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Australian National TV Airs Lewd Twitter Handle About Prime Minister

Categories: Oceania, Australia, Censorship, Digital Activism, Freedom of Speech, Media & Journalism, Politics
Abbott Loves anal [1]

Screenshot courtesy Twitter user @kobijv (Kobi J A VanBennekom )

It seems that hardly a day passes without Australia's Prime Minister Tony Abbott (@TonyAbbottMHR [2]) becoming the eye of a media storm. The latest controversy involves the media itself, both old and new.

State-owned Australian Broadcasting Corporation (ABC) has apologised [3] for allowing the words ‘AbbottLovesAnal’ to be broadcast [4] during an episode of popular TV program Q&A, in which a panel of public figures answer questions from the audience. The ‘offensive’ phrase was a Twitter handle; the program, which is broadcast live, features an onscreen feed of tweets from viewers who participate under the hashtag #qanda.

The tweet itself read:

i prefer ones twitter feed to their biographies #qanda

At Mashable Australia [5], editor Jenni Ryall (@jennijenni [6]) explained that it is the second time this year that the ABC TV program Q&A has offended the PM.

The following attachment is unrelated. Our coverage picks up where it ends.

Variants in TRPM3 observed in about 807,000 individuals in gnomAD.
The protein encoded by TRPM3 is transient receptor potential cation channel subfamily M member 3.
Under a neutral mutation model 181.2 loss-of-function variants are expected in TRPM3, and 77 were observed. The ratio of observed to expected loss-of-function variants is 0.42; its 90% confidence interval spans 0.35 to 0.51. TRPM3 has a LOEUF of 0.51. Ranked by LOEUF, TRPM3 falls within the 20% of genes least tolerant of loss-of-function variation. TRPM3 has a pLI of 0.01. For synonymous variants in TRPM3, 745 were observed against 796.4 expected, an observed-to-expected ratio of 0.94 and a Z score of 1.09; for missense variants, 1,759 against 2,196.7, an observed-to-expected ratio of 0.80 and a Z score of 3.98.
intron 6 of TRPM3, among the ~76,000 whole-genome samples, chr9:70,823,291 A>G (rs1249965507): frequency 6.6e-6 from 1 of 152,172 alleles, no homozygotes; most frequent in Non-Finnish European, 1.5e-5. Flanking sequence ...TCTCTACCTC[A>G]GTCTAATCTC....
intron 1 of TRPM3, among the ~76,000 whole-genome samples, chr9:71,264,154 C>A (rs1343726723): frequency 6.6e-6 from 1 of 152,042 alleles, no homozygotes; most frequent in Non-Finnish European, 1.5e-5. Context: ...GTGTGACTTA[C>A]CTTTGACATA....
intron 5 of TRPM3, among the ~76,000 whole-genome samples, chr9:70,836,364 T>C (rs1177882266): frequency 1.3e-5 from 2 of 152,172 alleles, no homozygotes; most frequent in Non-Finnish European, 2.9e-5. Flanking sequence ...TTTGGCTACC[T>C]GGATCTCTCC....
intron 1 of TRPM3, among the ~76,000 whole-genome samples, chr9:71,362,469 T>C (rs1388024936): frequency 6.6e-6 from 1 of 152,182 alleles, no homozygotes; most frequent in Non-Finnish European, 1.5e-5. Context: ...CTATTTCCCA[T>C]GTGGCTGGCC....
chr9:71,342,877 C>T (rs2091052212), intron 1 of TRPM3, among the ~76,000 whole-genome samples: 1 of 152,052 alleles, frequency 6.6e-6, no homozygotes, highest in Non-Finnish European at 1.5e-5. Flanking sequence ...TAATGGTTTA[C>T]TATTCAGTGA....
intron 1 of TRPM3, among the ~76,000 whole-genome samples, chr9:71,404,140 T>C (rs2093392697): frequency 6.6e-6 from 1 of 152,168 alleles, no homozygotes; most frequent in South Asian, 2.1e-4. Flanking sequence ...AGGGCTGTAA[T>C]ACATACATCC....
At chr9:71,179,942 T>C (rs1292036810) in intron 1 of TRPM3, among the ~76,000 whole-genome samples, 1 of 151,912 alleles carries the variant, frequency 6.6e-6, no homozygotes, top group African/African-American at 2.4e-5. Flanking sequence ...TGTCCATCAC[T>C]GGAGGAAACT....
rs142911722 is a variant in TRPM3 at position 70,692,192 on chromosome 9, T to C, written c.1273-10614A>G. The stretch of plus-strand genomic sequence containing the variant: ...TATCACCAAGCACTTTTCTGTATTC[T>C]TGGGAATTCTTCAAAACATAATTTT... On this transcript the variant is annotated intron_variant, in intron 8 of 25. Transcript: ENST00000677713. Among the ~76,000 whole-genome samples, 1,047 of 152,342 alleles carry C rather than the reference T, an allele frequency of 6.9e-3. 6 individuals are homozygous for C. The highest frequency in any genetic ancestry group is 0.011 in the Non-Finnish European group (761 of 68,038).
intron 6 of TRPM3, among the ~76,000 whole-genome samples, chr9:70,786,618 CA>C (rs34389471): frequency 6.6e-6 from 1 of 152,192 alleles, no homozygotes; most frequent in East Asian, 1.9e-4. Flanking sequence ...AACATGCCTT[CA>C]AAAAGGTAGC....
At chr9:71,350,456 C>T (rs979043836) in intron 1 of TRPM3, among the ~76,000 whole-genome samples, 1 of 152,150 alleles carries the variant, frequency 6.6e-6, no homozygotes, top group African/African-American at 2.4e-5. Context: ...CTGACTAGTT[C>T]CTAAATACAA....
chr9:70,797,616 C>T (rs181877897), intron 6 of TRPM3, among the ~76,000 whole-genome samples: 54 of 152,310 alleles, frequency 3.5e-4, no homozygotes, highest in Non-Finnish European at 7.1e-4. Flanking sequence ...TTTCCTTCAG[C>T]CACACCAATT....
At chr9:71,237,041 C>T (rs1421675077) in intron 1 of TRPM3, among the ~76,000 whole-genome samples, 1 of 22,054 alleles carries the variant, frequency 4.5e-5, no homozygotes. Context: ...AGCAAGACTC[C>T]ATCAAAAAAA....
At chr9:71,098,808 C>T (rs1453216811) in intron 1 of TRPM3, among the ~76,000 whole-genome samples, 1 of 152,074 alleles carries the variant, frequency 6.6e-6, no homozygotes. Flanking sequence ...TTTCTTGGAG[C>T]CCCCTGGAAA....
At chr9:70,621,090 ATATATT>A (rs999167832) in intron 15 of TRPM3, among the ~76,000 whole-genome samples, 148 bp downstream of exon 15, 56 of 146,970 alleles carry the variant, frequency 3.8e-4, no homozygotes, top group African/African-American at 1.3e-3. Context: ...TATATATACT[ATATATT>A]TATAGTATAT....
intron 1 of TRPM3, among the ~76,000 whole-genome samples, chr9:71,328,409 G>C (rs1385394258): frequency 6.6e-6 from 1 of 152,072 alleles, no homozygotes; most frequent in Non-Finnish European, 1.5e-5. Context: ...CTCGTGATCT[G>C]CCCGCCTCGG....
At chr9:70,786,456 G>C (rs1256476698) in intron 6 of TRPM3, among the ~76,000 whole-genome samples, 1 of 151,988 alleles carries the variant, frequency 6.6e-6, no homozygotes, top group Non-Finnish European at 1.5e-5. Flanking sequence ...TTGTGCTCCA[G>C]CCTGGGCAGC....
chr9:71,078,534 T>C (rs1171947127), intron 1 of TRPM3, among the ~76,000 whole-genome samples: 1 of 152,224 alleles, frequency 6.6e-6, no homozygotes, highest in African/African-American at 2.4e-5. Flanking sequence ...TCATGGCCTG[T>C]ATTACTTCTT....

In June, the program came under fire for having controversial figure, Zaky Mallah, in its audience. He told the panel that politicians were causing Australians to leave and join the Islamic State.

Mallah was charged in 2003 under Australia's anti-terrorism laws but found not guilty. The earlier episode involved Mallah's question to a parliamentary secretary (junior minister) about his case. In June 2015 Prime Minister Abbott asked “Which side is the ABC on? [7]” adding that “heads should roll” because the ABC had rerun the program [8] without censorship.

The Twitterverse responded to ABC's latest faux pas under a number of hashtags including: #AbbottLovesAnal [13], #QandA [14] or just a ‘Q&A [15]‘ search. Perhaps this comment best captures the Twitter noise:

A detailed analysis is beyond the scope of this post, so please explore the links.

Meanwhile the offending Twitter account has been removed. At this stage it's not clear whether it is an unlikely case of self-censorship or action by Twitter itself.

ABC management seems to have learnt a political lesson [18] from the earlier controversy. It did not remove the tweet from its program repeats or online iview [19] version, but blacked out the contentious twitter handle.

Satire site The Shovel [20] mirrored what was happening in realpolitik but joked about the futility of attempts to muzzle the media:

After a terse phone call from Communications Minister Malcolm Turnbull, the ABC has agreed to remove the offending tweet from repeats of the episode, to ensure those who watched the live broadcast are the only people to see the tweet.“I think through our swift actions we’ve managed to stop this from growing further,” a Government spokesperson said.

If the old cliché about all publicity being good publicity is correct, then the Abbott government should easily win the next election.